Kin Android development tutorial — part 9—Secure communication between backend and app for spending Kin
We’re already reaching the end of the Android development tutorial. The last 3 parts will be about spending Kin. Like earning Kin, it takes a bit of effort to create secure spending. It’s simple to make the transaction and give the reward, but like with earning Kin, everything can be faked and you need to make sure you’re not giving away stuff to people who are smart enough to fake the API calls. The way to handle spends securely is to treat spends the same way you would treat fiat money and a traditional payment gateway like Stripe or Adyen.
Suppose the user wants to buy a mug for 1000 Kin. You create a button that sends 1000 Kin from the user’s wallet to yours. When complete, you make a backend request to send the mug to the user’s address.
While this works fine, it is very easy to get free mugs. Someone can just read off the API call to the backend and start sending requests to the backend to get mugs. Without verifying that the payment actually happened, you for sure will be paying for a lot of free mugs! That’s why we’re building a secure way to handle spends. Unfortunately, this means the setup is also a bit more complex, just like with the earns. However, if you want to build an app, you don’t really have a choice, someone will eventually find the loophole and exploit it.
These kind of design flaws are actually way more common than you might think. Here’s an example of Domino’s pizza that had exactly this unsafe handling of payments, leading to anyone being able to order pizza for free.
Just as with earns, the only place where you have full control and can trust what goes on is your backend. So while the spend transaction happens on the device, verification that the spend is valid should be done on the backend. Here is the flow of a secure spend:
Step 1: Request a spend
If the user wants to buy something, an API call should be done to the app backend with a request to buy something. The app backend accepts this request and sends back a random token that is also saved in the backend for later.
Step 2: User spends Kin
The app follows by spending the Kin. The user will send the an amount of Kin to the app’s address with the token in the memo field (the token will be stored in the blockchain transaction). The transaction ID of the spend is saved. The amount of Kin to be sent is the price of the thing the user wants to buy, which can be saved in the app and in the backend, or returned along with the token in step 1 (that way you only have to define the price in the app backend).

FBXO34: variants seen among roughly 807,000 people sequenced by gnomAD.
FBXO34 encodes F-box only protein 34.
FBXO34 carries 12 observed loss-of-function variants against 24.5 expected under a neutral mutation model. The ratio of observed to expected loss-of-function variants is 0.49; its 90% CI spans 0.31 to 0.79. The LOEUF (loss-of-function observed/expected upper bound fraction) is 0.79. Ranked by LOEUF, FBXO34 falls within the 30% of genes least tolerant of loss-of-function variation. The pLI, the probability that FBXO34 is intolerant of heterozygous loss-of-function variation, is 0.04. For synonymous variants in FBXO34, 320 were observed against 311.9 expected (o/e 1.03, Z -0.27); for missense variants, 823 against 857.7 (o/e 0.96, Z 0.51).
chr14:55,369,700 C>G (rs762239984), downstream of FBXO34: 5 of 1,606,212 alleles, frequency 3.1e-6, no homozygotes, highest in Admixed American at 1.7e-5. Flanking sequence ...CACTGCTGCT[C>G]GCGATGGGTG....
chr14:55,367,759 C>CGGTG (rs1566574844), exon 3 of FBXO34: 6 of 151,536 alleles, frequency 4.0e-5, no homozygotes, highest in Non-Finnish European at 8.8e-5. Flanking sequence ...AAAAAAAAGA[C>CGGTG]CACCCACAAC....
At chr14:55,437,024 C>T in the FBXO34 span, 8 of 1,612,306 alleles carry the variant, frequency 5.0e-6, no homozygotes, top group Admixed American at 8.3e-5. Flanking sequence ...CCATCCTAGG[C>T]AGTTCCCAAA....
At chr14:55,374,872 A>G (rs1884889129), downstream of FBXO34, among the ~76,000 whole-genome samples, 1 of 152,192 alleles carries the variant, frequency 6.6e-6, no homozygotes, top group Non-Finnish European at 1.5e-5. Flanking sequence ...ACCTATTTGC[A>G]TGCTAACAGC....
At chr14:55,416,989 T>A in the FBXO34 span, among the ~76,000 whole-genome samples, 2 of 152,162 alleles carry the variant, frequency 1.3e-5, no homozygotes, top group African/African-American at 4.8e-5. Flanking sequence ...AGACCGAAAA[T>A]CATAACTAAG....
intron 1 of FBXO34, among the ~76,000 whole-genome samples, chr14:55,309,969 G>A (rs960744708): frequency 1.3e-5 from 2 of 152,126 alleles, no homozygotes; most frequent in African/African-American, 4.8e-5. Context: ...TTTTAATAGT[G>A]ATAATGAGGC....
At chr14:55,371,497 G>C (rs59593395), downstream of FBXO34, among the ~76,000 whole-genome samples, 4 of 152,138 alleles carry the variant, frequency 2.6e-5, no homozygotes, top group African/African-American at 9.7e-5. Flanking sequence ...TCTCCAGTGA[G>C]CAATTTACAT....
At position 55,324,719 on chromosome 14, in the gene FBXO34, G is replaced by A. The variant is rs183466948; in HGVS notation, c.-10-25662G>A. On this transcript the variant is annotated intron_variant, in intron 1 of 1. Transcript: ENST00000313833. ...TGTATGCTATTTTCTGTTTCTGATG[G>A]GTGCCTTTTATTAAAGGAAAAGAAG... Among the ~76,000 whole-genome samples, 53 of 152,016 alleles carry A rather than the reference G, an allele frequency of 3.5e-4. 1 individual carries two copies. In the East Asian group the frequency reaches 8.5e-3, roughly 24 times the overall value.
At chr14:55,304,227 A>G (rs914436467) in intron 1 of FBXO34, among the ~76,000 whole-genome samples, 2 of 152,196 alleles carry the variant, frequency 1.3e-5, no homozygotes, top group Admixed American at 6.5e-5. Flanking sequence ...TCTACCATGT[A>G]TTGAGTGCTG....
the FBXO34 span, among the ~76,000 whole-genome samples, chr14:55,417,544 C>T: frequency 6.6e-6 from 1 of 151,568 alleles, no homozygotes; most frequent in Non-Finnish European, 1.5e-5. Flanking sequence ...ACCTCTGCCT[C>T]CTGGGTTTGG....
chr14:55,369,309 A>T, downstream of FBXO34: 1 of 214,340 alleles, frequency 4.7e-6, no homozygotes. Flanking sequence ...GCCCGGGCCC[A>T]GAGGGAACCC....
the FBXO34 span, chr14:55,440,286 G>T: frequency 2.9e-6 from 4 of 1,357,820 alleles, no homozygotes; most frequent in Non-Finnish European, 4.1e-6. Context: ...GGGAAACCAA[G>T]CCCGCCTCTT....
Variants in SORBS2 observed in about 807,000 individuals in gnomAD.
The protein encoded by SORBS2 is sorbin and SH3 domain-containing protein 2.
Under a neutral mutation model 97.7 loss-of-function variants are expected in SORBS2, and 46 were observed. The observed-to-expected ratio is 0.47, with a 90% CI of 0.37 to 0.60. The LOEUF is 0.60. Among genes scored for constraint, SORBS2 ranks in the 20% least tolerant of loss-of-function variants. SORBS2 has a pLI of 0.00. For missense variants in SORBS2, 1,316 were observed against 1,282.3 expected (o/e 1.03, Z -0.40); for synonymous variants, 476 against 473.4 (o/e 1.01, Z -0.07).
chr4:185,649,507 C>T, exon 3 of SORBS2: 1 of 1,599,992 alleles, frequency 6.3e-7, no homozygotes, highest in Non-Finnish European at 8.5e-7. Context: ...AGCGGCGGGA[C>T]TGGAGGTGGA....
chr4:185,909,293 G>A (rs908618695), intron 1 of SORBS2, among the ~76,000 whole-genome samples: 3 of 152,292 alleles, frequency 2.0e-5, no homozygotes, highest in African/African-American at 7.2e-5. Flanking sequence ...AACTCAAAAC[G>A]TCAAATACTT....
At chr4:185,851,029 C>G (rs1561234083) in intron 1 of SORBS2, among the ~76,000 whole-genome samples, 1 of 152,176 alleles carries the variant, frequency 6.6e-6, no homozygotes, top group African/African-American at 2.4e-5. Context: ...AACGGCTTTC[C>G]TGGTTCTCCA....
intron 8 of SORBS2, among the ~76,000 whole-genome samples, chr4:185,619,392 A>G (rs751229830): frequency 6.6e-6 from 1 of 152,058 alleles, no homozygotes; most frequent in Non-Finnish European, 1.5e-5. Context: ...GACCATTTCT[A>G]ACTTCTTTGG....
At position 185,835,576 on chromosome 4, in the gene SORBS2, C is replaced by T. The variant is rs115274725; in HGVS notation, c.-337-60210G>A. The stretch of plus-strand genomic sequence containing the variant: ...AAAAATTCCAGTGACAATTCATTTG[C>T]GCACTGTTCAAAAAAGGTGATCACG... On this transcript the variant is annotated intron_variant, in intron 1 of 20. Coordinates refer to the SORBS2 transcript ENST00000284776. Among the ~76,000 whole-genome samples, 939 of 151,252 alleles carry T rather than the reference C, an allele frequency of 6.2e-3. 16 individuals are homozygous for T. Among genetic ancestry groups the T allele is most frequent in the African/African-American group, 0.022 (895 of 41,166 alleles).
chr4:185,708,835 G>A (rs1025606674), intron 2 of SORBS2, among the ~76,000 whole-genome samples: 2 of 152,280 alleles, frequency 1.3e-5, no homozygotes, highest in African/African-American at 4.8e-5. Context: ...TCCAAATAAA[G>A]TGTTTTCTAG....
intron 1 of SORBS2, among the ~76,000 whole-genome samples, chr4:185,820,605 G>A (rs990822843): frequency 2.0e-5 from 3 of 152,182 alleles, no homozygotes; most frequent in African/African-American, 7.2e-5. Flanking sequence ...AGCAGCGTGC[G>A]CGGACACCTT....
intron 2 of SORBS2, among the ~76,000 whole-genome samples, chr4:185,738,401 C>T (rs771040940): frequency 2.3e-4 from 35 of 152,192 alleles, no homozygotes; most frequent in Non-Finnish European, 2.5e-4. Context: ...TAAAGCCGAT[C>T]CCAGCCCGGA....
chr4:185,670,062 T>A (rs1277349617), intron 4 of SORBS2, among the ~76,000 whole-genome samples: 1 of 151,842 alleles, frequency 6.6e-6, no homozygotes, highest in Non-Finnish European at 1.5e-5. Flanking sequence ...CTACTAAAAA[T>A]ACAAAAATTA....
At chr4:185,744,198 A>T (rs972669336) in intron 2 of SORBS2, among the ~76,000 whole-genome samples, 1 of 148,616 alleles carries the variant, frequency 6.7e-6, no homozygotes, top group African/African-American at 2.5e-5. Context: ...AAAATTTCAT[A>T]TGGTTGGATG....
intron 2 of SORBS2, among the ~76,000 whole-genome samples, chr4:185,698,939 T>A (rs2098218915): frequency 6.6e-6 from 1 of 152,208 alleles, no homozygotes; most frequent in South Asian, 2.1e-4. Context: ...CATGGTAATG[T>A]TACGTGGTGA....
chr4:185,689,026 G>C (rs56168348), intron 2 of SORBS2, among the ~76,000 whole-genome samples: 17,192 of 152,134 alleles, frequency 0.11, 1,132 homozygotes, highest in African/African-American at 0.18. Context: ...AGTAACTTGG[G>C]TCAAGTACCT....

Step 3: Request the thing you bought
Next, the app will make an API call to the backend again with the transaction ID of the spend. The backend will confirm that the transaction ID is a spend to the app’s wallet with the correct amount of Kin and the correct token. If something is wrong, deny the spend. If it was correct, proceed with giving the user what he bought and delete the token from the database (or mark the token as paid and add an extra verification that the token cannot have the paid property to prevent double spending).
All these steps are necessary. If you don’t check for the correct amount of Kin, one can simply just send a very small amount of Kin and still get the spend. If you don’t check the receiving address, one can just send Kin to himself and supply that transaction ID as a spend. If you don’t check on the token, one can make one real spend and then re-use that transaction ID multiple times to get multiple spends for the price of one.
So again, we need the app backend to validate transactions in order to make sure the spends are actually correct. In the next part, we will set up the app backend and in the part after we will create a spend button in the app.